# Eigenmodes of the diffusion equation

This is a pedagogical introduction for the computation of the eigenmodes of a 1D system. We then use these eigenmodes to see the evolution in time of an initial condition.

clear all; clf
% parameters
N=20; % number of gridpoints
L=pi; % domain length
mu=1; % diffusion coefficient


# Theory

In this program we consider the 1D diffusion equation :

\displaystyle \frac{\partial T}{\partial t} = \mu \frac{\partial^2 T}{\partial x^2} \qquad \textrm{ for } \quad x \in [0,L] with boundary conditions : \displaystyle T_{x=0} = T_{x=L} = 0

We consider solutions in eigenmode form : \displaystyle T = \hat{T} e^{\lambda t}

Eigenpairs (\lambda, \hat{T}) are solutions of the following problem :

\displaystyle \lambda \hat{ T } = \mu \frac{\partial^2 \hat{T}}{\partial x^2}

The analytical solution is as follows : \displaystyle \lambda_n = - \frac{\mu n^2 \pi^2}{L^2} ; \quad \hat{T}_n = \sin ( n \pi x /L )

stheory = -mu*pi^2/L^2*[1:1:N].^2;


# Numerical resolution

## Discretization

We use the function dif1D from the easystab project to construct the grid x and the differentiation matrices dx and dxx (the ‘weight’ variable wx is not used here)

[dx,dxx,wx,x]=dif1D('cheb',0,L,N,3); % try either 'fds' (finite differences) or  'cheb' (chebyshev)

figure ; spy(dxx) % to see the structure of the matrix


## Construction of the matrices

Z=zeros(N,N); I=eye(N);
B=I;
A=mu*dxx;

% boundary conditions
loc=[1,N];
B(loc,:)=0;
A(loc,:)=-I(loc,:);


## Resolution of the eigenvalue problem

We compute the eigenmodes using the function eig. We then sort the modes according to decaying real part of the eigenvalue. With this choice, the first eigenvalue will be the one with the largest real part. We then remove the eigenmodes for which the eigenvalue is larger than 1000. We do this because since we have the matrix B to impose the boundary conditions, the system is algebro-differential, withthe concequence that there will be some infinite eigenvalues corresponding to the fact that the constraints are imposed infinitely fast (their dynamics is infinitely rapid).

% computing eigenmodes
[U,S]=eig(A,B);

% sort the eigenmodes
s=diag(S);  [t,o]=sort(-real(s));
s=s(o); U=U(:,o);

% show the eigenvalues/eigenmodes
figure(1);hold off;
subplot(2,1,1);
plot(real(stheory),imag(stheory),'ro');
hold on;
plot(real(s),imag(s),'bx');

xlim([-25,1])
xlabel('real part');ylabel('imaginary part');title('eigenvalues');
legend('theory','computed')
grid on;

% show the eigenvectors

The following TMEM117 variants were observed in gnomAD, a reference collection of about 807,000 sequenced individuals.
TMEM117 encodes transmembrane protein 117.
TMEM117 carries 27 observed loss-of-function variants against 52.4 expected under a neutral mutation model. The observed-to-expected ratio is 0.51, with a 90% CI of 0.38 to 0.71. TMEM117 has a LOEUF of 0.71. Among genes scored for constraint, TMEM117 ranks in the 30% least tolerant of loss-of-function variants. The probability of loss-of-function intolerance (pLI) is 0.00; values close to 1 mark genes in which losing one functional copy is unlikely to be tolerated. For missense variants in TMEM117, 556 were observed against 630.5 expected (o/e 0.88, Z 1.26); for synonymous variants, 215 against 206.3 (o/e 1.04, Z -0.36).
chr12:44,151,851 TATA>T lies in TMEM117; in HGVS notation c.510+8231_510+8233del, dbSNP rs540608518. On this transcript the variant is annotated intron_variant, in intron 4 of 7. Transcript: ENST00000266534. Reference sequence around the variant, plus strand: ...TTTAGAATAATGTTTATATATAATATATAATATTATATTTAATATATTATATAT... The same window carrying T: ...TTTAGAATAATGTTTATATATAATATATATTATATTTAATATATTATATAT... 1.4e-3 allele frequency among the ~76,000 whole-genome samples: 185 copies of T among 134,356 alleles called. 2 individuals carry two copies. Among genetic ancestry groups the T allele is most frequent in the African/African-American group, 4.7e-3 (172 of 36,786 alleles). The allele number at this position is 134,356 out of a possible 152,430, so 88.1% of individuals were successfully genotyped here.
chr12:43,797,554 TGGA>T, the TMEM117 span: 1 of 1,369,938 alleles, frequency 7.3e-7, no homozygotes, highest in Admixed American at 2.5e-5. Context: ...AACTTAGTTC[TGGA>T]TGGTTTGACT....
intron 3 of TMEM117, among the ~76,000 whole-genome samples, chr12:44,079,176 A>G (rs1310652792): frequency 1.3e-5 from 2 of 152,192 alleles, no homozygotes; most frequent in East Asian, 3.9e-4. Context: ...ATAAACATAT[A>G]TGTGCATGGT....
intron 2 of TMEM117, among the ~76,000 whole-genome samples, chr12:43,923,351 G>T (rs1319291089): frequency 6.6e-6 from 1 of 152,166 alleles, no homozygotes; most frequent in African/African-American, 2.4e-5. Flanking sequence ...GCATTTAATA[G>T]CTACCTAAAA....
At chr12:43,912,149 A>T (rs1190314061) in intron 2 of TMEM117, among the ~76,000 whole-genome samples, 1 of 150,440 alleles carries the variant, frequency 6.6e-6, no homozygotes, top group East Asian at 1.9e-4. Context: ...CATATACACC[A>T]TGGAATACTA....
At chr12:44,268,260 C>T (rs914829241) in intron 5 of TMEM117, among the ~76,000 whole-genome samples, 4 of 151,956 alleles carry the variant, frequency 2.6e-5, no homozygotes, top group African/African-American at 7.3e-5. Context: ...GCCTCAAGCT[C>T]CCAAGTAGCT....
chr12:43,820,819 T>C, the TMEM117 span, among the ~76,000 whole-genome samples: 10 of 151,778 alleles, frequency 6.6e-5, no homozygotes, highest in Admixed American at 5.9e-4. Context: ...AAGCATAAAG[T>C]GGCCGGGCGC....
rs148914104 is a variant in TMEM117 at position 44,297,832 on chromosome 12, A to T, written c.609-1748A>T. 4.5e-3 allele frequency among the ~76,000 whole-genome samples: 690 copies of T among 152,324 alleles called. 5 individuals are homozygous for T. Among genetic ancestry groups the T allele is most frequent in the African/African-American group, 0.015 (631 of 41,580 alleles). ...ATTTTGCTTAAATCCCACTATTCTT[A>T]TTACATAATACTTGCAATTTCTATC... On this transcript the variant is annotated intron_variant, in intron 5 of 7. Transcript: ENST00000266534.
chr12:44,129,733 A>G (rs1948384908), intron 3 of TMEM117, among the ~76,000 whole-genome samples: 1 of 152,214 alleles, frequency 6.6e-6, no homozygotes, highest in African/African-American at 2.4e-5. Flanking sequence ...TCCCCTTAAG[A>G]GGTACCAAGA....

subplot(2,1,2);
co='brkmc';
for ind=1:3
plot(x,real(U(:,ind)),co(ind),x,imag(U(:,ind)),[co(ind) '--']);
hold on
end
xlabel('x');  ylabel('eigenvectors');title('eigenvectors');
grid on;

set(gcf,'paperpositionmode','auto');
print('-dsvg','-r80','diffusion_eigenmodes1.svg');


# Time evolution

Here we use the eigenmodes to show the time evolution of an initial condition. If the initial condition of our system is one of its eigenmodes, we know exactly all the time evolution, it will simply be the eigenvector multiplied by the exponential of the associated eigenvalue time the time. Going further one step, this means that if the initial condition is a combination of the eigenvectors, we get the evolution as sum sum of the eigenvectors weighted by their individual exponential time dependency.

With the initial condition \displaystyle T(x,0)=\sum_i \alpha_i \hat{T}_i(x) with \alpha_i the amplitude of each eigenmode in the initial condition. The evolution in time is thus \displaystyle T(x,t)=\sum_i \alpha_i \exp(\lambda_i t) \hat{T}_i(x)

% show the evolution of an initial condition
figure(2)
n=5; % number of eigenmodes in the initial condition


Here we simply build a random initial condition by combining the n least stable eigenvectors

a=randn(n,1); % the weights

% time loop
for t=linspace(0,2,101);

% the present state
q=U(:,1:n)*(a.*exp(s(1:n)*t));
plot(x,q);
hold on

% draw each of the components
for gre=1:n
plot(x,U(:,gre)*a(gre)*exp(s(gre)*t),'r--');
end
hold off
axis([0,L,-2,2]); grid on
title(['t = ',num2str(t)])
drawnow;
pause(0.1)
if (t==0.5)
set(gcf,'paperpositionmode','auto');
print('-dsvg','-r80','diffusion_eigenmodes2.svg');
end
end


Here we see in blue the state at the time of the snapshot, and in red the eigenvectors that we have used when building the initial condition, each multiplied with exp(s_i t) where s_i is the associated eigenvalue. This shows that quickly, the evolution of the state of the system tends to the evolution of the least stable eigenmode.